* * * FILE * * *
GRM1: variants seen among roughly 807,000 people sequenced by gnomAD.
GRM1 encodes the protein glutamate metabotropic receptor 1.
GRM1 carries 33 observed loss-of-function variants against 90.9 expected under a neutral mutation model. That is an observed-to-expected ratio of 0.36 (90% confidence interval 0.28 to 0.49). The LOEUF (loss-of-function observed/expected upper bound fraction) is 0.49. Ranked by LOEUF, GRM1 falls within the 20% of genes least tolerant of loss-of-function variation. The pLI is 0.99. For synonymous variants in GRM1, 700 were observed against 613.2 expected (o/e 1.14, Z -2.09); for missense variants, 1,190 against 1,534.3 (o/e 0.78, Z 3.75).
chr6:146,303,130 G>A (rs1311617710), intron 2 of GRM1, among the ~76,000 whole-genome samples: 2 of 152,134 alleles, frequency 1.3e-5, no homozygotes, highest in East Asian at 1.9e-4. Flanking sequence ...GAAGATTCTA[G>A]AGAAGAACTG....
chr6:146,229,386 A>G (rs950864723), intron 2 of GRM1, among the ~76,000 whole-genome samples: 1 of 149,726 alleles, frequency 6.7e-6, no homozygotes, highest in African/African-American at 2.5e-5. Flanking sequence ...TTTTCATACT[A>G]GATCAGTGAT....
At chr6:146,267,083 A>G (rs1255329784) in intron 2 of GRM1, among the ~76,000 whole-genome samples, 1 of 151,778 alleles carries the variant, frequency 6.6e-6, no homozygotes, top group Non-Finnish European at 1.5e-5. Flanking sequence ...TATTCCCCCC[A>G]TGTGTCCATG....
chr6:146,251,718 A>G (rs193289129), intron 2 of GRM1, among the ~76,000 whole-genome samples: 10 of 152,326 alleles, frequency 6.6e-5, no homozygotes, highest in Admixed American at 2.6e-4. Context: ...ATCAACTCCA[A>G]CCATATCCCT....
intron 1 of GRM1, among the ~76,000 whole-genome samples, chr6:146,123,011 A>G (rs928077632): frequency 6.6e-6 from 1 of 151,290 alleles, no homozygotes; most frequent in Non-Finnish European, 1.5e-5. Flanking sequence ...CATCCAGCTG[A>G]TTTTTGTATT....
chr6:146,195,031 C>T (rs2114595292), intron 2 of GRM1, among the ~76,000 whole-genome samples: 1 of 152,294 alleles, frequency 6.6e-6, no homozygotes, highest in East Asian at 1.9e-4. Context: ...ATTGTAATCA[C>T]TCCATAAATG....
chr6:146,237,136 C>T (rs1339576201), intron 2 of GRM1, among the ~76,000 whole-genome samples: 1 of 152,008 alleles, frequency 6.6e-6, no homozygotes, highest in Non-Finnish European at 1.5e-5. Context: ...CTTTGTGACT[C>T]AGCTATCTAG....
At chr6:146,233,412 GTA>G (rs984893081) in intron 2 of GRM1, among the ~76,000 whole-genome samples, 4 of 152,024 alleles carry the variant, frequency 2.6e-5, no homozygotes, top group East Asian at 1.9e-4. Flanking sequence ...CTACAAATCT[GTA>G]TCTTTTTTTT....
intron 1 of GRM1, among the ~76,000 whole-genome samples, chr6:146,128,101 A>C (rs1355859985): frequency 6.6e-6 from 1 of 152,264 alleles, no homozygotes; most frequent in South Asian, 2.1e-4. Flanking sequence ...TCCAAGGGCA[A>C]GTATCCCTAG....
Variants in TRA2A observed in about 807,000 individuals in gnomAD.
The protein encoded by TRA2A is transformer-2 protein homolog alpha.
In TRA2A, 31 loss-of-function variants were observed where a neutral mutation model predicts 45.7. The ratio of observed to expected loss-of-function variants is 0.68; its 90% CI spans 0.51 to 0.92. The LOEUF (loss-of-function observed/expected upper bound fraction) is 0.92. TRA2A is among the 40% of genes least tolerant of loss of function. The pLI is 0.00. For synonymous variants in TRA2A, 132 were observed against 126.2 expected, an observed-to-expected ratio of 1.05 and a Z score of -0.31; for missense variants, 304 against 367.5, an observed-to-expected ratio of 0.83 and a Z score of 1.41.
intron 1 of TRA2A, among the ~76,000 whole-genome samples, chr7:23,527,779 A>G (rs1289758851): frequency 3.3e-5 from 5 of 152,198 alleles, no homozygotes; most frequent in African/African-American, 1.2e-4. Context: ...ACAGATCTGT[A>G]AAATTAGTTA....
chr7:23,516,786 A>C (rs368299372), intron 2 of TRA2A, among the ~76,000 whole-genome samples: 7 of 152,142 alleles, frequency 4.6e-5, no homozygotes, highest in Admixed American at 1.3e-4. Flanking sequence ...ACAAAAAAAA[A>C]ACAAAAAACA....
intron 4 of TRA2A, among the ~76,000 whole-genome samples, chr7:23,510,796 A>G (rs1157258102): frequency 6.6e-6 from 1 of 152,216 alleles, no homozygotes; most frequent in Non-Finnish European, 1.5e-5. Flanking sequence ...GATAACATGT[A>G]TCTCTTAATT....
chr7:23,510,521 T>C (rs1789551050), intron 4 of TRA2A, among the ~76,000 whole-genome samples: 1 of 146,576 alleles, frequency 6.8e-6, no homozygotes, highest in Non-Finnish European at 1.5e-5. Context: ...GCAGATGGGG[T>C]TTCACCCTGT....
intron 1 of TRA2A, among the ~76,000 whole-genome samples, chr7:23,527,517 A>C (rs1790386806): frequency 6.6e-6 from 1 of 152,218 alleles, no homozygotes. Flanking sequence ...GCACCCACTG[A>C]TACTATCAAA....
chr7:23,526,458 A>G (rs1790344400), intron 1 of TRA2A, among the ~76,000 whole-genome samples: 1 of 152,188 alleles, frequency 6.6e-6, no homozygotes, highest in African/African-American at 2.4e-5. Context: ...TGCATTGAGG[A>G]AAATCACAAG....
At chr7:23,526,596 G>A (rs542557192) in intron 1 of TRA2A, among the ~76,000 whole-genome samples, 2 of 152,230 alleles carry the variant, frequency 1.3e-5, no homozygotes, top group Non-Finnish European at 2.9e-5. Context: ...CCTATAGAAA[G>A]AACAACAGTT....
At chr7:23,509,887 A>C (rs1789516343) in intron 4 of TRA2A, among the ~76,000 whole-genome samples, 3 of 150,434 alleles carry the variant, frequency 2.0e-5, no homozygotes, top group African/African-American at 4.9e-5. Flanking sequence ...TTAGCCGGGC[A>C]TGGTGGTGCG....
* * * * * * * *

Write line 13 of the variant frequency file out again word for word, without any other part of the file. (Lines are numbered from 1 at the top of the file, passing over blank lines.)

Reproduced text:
Variants in TRA2A observed in about 807,000 individuals in gnomAD.